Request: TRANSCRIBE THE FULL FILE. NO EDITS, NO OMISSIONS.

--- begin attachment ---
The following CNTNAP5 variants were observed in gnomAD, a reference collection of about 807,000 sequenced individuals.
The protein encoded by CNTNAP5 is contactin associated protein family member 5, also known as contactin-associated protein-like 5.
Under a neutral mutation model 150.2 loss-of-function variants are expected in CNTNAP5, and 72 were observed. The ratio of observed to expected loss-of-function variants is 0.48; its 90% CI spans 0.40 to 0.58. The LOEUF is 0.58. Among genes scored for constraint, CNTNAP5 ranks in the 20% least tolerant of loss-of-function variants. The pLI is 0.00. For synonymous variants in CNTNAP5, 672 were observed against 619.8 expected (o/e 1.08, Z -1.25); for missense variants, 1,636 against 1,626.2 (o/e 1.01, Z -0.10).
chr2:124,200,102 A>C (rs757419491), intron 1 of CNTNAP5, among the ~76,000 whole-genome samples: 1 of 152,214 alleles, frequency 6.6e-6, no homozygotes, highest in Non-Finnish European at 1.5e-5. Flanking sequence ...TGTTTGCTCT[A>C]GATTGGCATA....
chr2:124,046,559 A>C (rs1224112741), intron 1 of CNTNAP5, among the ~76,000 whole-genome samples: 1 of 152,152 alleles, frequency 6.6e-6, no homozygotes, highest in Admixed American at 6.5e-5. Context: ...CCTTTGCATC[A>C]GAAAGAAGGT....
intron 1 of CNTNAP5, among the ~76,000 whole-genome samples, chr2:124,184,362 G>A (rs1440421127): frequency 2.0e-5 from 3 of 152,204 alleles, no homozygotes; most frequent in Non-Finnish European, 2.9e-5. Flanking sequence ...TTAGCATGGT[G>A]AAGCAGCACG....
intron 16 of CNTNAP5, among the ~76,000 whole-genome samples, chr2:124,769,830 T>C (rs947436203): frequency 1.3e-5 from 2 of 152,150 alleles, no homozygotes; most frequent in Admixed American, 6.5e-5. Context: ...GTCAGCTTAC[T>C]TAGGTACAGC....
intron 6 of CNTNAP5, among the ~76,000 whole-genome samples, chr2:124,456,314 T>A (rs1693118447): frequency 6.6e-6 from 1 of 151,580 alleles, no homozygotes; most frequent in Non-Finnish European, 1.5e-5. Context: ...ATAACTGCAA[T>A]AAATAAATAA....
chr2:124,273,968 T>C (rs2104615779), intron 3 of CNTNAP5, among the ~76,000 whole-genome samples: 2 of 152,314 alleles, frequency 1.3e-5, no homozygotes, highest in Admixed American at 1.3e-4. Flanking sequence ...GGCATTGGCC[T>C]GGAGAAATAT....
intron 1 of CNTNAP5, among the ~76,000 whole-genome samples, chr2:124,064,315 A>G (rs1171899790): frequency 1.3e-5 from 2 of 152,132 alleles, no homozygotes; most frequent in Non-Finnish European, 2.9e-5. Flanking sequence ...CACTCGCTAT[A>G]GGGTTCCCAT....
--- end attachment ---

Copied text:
The following CNTNAP5 variants were observed in gnomAD, a reference collection of about 807,000 sequenced individuals.
The protein encoded by CNTNAP5 is contactin associated protein family member 5, also known as contactin-associated protein-like 5.
Under a neutral mutation model 150.2 loss-of-function variants are expected in CNTNAP5, and 72 were observed. The ratio of observed to expected loss-of-function variants is 0.48; its 90% CI spans 0.40 to 0.58. The LOEUF is 0.58. Among genes scored for constraint, CNTNAP5 ranks in the 20% least tolerant of loss-of-function variants. The pLI is 0.00. For synonymous variants in CNTNAP5, 672 were observed against 619.8 expected (o/e 1.08, Z -1.25); for missense variants, 1,636 against 1,626.2 (o/e 1.01, Z -0.10).
chr2:124,200,102 A>C (rs757419491), intron 1 of CNTNAP5, among the ~76,000 whole-genome samples: 1 of 152,214 alleles, frequency 6.6e-6, no homozygotes, highest in Non-Finnish European at 1.5e-5. Flanking sequence ...TGTTTGCTCT[A>C]GATTGGCATA....
chr2:124,046,559 A>C (rs1224112741), intron 1 of CNTNAP5, among the ~76,000 whole-genome samples: 1 of 152,152 alleles, frequency 6.6e-6, no homozygotes, highest in Admixed American at 6.5e-5. Context: ...CCTTTGCATC[A>C]GAAAGAAGGT....
intron 1 of CNTNAP5, among the ~76,000 whole-genome samples, chr2:124,184,362 G>A (rs1440421127): frequency 2.0e-5 from 3 of 152,204 alleles, no homozygotes; most frequent in Non-Finnish European, 2.9e-5. Flanking sequence ...TTAGCATGGT[G>A]AAGCAGCACG....
intron 16 of CNTNAP5, among the ~76,000 whole-genome samples, chr2:124,769,830 T>C (rs947436203): frequency 1.3e-5 from 2 of 152,150 alleles, no homozygotes; most frequent in Admixed American, 6.5e-5. Context: ...GTCAGCTTAC[T>C]TAGGTACAGC....
intron 6 of CNTNAP5, among the ~76,000 whole-genome samples, chr2:124,456,314 T>A (rs1693118447): frequency 6.6e-6 from 1 of 151,580 alleles, no homozygotes; most frequent in Non-Finnish European, 1.5e-5. Context: ...ATAACTGCAA[T>A]AAATAAATAA....
chr2:124,273,968 T>C (rs2104615779), intron 3 of CNTNAP5, among the ~76,000 whole-genome samples: 2 of 152,314 alleles, frequency 1.3e-5, no homozygotes, highest in Admixed American at 1.3e-4. Flanking sequence ...GGCATTGGCC[T>C]GGAGAAATAT....
intron 1 of CNTNAP5, among the ~76,000 whole-genome samples, chr2:124,064,315 A>G (rs1171899790): frequency 1.3e-5 from 2 of 152,132 alleles, no homozygotes; most frequent in Non-Finnish European, 2.9e-5. Flanking sequence ...CACTCGCTAT[A>G]GGGTTCCCAT....